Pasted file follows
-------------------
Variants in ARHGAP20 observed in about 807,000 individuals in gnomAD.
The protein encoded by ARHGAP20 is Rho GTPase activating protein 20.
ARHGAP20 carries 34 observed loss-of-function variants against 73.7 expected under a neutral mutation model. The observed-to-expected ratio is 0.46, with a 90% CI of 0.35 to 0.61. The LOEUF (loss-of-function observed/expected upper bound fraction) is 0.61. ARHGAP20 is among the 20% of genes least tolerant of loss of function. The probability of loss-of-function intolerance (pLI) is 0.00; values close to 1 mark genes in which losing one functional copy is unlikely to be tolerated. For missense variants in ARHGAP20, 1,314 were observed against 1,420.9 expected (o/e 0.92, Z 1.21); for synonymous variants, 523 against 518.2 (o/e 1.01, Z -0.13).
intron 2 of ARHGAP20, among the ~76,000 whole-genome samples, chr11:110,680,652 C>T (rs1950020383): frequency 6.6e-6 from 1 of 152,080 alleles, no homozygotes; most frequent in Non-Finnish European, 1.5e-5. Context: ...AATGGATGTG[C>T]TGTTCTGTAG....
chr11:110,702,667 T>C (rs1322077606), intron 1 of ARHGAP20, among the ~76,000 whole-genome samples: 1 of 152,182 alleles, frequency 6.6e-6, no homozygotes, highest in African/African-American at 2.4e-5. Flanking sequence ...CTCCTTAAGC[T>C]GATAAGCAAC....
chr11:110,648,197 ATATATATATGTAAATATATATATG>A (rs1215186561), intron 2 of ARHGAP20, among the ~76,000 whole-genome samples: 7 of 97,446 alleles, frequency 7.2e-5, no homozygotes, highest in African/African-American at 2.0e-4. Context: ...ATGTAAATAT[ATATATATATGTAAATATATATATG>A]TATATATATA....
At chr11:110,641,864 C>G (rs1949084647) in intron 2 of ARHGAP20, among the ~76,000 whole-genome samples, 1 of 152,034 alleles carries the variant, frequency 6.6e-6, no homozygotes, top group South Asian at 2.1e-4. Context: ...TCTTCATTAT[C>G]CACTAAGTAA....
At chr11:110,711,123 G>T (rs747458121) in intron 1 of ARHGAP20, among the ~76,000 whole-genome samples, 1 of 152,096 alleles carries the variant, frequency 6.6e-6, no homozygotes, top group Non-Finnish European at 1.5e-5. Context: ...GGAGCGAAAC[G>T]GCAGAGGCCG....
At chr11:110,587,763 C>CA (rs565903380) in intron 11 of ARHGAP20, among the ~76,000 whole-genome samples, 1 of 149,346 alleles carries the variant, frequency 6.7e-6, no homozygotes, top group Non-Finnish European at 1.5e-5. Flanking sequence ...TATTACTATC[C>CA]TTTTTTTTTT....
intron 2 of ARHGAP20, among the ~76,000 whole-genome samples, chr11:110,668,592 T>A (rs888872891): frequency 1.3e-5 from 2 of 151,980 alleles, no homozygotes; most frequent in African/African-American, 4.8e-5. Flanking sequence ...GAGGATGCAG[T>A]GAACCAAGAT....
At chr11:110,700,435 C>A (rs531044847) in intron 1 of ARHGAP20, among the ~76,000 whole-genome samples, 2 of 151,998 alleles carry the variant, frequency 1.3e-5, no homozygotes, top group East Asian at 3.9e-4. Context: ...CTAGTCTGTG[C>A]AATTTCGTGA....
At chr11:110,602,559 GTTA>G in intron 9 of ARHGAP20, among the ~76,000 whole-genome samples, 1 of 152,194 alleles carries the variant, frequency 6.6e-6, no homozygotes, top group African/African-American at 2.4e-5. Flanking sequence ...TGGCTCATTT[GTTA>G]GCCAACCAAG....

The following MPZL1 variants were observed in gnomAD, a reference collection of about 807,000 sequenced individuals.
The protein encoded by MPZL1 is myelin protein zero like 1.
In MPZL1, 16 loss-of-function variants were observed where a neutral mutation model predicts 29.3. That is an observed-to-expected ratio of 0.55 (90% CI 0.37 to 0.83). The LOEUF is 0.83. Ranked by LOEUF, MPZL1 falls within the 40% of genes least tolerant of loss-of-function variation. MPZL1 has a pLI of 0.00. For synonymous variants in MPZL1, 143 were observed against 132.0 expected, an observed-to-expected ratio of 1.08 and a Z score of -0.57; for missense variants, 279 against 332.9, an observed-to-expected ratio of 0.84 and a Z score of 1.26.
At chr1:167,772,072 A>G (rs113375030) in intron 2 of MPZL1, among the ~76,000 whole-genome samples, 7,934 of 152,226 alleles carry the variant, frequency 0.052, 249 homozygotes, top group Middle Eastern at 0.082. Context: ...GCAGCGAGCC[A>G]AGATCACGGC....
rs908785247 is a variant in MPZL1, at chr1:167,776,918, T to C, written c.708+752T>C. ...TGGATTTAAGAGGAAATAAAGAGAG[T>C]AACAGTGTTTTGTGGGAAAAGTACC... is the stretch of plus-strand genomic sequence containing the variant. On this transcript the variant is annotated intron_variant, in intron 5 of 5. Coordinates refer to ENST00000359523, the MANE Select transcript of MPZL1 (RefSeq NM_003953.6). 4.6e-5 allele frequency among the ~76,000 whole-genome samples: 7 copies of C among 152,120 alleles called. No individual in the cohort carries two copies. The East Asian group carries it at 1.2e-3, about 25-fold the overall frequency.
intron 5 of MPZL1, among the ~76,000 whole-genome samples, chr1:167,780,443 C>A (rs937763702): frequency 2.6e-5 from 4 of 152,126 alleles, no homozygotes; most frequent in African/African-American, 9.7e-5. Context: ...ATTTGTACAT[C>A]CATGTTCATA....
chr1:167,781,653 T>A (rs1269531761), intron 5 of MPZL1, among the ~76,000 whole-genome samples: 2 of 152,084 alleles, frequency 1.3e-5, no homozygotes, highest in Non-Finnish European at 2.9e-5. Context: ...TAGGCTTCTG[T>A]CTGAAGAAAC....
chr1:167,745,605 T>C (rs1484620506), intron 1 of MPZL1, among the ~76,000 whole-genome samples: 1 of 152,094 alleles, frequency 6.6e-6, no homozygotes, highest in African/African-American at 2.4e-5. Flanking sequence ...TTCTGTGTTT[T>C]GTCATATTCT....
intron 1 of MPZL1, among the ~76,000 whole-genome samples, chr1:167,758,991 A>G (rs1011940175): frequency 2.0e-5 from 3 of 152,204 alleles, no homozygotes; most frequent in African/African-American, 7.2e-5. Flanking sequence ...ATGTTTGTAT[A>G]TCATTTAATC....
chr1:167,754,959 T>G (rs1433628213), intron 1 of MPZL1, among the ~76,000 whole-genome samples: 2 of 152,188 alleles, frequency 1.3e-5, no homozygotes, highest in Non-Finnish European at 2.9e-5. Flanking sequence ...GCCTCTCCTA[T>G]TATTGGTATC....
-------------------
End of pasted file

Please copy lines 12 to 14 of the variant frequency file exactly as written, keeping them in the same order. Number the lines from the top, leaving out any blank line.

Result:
At chr11:110,602,559 GTTA>G in intron 9 of ARHGAP20, among the ~76,000 whole-genome samples, 1 of 152,194 alleles carries the variant, frequency 6.6e-6, no homozygotes, top group African/African-American at 2.4e-5. Flanking sequence ...TGGCTCATTT[GTTA>G]GCCAACCAAG....

The following MPZL1 variants were observed in gnomAD, a reference collection of about 807,000 sequenced individuals.
The protein encoded by MPZL1 is myelin protein zero like 1.